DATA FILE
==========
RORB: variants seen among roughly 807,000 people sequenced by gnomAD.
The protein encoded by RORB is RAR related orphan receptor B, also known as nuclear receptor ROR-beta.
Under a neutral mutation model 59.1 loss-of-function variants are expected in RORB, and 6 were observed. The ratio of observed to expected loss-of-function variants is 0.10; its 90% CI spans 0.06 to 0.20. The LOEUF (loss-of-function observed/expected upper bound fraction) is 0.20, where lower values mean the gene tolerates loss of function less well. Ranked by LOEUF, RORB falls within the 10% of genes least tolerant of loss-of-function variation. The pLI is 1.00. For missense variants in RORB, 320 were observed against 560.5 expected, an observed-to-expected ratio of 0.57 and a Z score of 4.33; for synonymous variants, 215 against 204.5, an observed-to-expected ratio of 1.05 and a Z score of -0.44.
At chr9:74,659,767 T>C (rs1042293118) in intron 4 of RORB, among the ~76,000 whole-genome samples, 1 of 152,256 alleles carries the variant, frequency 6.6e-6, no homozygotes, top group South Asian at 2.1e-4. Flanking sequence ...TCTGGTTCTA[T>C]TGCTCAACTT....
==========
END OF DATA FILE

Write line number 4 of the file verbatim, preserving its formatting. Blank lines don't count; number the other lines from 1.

At chr9:74,659,767 T>C (rs1042293118) in intron 4 of RORB, among the ~76,000 whole-genome samples, 1 of 152,256 alleles carries the variant, frequency 6.6e-6, no homozygotes, top group South Asian at 2.1e-4. Flanking sequence ...TCTGGTTCTA[T>C]TGCTCAACTT....